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How do prenuptial and postnuptial agreements differ?

On Behalf of | Oct 11, 2022 | Family Law, Marital Agreements |

Many couples in New Jersey might consider drafting a prenuptial or postnuptial agreement to protect their assets. These legal documents are very similar but differ at the same time.

Understanding prenuptial and postnuptial agreements

A prenuptial agreement is a formal legal document that is drawn up by one partner and presented to the other before the couple gets married. It outlines the terms of a divorce in the event the couple eventually goes that route. A prenup protects a person by describing how assets are divided if the marriage ends.

With a postnuptial agreement, you must already be married to obtain that legal tool. It’s similar to a prenup but is created after the marriage has already taken place. Like a prenuptial agreement, a postnup allows each party to retain their own assets and property if they end up in divorce court.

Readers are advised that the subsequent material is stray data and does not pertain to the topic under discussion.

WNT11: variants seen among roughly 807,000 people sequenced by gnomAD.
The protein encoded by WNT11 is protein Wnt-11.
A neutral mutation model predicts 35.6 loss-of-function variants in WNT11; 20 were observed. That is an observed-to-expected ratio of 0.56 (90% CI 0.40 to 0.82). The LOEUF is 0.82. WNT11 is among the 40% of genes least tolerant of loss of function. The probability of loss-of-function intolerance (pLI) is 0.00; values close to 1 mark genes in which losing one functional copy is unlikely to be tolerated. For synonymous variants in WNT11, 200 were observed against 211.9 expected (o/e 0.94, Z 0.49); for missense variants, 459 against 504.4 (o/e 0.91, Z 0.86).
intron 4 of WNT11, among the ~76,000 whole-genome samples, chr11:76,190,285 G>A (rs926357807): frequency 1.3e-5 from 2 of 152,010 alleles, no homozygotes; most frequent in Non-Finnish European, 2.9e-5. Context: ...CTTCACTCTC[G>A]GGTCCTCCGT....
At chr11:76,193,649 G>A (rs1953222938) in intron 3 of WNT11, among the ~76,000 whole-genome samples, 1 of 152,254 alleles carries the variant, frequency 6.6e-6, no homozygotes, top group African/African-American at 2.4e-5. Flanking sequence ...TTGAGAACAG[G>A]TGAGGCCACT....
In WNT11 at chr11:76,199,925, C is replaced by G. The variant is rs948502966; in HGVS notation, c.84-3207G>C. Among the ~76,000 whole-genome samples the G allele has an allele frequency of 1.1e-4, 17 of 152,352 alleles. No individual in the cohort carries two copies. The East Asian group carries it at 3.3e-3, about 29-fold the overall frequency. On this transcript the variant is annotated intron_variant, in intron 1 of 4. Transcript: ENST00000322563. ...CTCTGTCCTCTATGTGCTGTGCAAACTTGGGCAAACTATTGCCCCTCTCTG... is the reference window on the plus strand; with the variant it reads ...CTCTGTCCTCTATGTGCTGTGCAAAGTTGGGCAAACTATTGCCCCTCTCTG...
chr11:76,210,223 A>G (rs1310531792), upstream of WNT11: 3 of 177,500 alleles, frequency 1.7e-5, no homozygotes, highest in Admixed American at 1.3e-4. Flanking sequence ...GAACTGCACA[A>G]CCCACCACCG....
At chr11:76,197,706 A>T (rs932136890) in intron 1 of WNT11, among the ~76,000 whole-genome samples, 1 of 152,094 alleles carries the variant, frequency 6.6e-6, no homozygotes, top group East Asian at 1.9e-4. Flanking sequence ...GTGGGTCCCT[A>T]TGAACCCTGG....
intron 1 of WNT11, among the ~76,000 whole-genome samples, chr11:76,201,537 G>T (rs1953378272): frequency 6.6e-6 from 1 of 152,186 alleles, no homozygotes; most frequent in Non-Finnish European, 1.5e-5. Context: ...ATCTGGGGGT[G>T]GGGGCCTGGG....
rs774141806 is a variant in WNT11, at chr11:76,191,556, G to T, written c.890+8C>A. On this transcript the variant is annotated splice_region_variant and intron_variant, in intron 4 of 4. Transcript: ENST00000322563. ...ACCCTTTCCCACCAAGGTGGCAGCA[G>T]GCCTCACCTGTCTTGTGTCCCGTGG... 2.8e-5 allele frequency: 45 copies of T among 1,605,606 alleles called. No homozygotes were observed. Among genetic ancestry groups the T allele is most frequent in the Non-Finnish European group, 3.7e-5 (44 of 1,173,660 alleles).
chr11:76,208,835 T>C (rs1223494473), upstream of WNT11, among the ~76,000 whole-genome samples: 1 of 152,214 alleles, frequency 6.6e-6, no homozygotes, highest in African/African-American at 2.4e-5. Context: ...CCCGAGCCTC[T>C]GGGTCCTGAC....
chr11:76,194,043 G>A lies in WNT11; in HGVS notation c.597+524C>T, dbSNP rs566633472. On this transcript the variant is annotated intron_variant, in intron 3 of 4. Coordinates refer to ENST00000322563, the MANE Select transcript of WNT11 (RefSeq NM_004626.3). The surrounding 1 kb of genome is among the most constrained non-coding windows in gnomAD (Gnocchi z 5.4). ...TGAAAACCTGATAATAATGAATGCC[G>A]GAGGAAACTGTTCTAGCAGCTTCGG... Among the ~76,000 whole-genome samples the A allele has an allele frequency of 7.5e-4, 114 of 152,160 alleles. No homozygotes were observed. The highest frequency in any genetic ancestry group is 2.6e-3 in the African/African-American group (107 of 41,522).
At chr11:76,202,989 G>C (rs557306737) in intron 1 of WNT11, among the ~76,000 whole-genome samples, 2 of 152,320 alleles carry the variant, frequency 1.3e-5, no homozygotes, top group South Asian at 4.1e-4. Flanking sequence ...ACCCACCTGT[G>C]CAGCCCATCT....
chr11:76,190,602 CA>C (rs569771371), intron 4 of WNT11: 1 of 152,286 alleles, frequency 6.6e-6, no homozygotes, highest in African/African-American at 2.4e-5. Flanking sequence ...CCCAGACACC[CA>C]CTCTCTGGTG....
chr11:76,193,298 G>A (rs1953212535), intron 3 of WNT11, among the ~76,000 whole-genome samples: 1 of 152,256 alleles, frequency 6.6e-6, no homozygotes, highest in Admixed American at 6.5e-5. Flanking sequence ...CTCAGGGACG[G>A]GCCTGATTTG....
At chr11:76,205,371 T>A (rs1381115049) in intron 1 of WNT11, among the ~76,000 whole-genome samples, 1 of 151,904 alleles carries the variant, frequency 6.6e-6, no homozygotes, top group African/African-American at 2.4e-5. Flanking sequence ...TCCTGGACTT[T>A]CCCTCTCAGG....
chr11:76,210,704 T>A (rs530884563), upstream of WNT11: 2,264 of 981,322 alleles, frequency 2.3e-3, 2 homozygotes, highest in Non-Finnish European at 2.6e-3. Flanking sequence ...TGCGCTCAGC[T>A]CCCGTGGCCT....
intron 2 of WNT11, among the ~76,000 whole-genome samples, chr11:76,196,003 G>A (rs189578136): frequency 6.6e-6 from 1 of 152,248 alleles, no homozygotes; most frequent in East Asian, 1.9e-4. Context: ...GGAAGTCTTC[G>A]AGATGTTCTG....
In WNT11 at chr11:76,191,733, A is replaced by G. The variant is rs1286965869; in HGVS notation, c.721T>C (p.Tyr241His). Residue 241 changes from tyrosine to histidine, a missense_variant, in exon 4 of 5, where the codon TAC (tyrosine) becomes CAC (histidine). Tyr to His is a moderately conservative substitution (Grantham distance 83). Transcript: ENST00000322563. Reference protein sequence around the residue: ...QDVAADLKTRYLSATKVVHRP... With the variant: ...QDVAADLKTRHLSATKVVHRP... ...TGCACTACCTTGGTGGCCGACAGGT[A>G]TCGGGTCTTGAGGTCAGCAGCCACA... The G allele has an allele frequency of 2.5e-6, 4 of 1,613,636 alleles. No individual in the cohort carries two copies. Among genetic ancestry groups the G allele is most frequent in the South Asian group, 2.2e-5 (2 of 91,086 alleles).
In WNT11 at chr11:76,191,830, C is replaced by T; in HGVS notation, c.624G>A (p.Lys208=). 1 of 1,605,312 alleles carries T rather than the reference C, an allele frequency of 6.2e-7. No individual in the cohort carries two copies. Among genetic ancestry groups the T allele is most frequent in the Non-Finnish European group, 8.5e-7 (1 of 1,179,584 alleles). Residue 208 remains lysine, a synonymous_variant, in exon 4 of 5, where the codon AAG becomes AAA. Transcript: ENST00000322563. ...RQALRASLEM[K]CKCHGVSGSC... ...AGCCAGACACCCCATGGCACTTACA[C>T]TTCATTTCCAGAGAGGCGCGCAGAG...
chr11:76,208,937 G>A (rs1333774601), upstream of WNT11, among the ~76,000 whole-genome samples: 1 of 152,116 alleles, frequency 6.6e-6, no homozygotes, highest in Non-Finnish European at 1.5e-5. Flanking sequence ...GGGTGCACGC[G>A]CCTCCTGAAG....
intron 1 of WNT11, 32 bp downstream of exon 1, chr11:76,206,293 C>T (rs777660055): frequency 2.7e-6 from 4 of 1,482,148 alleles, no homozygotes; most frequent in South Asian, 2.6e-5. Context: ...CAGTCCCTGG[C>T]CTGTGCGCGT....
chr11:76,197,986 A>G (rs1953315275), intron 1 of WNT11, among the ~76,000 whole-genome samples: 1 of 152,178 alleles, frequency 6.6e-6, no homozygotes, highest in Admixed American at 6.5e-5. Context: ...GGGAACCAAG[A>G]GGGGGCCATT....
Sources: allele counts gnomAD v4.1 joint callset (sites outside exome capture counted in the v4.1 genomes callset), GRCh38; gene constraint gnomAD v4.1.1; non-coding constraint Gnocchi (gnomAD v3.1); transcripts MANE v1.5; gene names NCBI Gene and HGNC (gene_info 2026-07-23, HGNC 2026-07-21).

Both of these legal agreements focus on the division of assets, property, business interests and sometimes, expectations of each party regarding their household or parental responsibilities during the marriage.

How prenups and postnups differ

The main difference between prenuptial and postnuptial agreements is that prenups are created before the couple gets married while postnups are drafted after marriage. Prenups also often carry a stigma, sending the message that there is a lack of trust. This can make things awkward as a couple prepares to walk down the aisle and take their wedding vows. It’s also why many people skip getting a prenup.

After a couple is already married, it might be more comfortable to bring up the idea of a postnuptial agreement. There is often already an established trust between both spouses, so they might be more open to such a legal agreement.

Choosing to get a prenuptial or postnuptial agreement is not an easy decision to reach. However, it could be a valuable tool for your future if your marriage ends.

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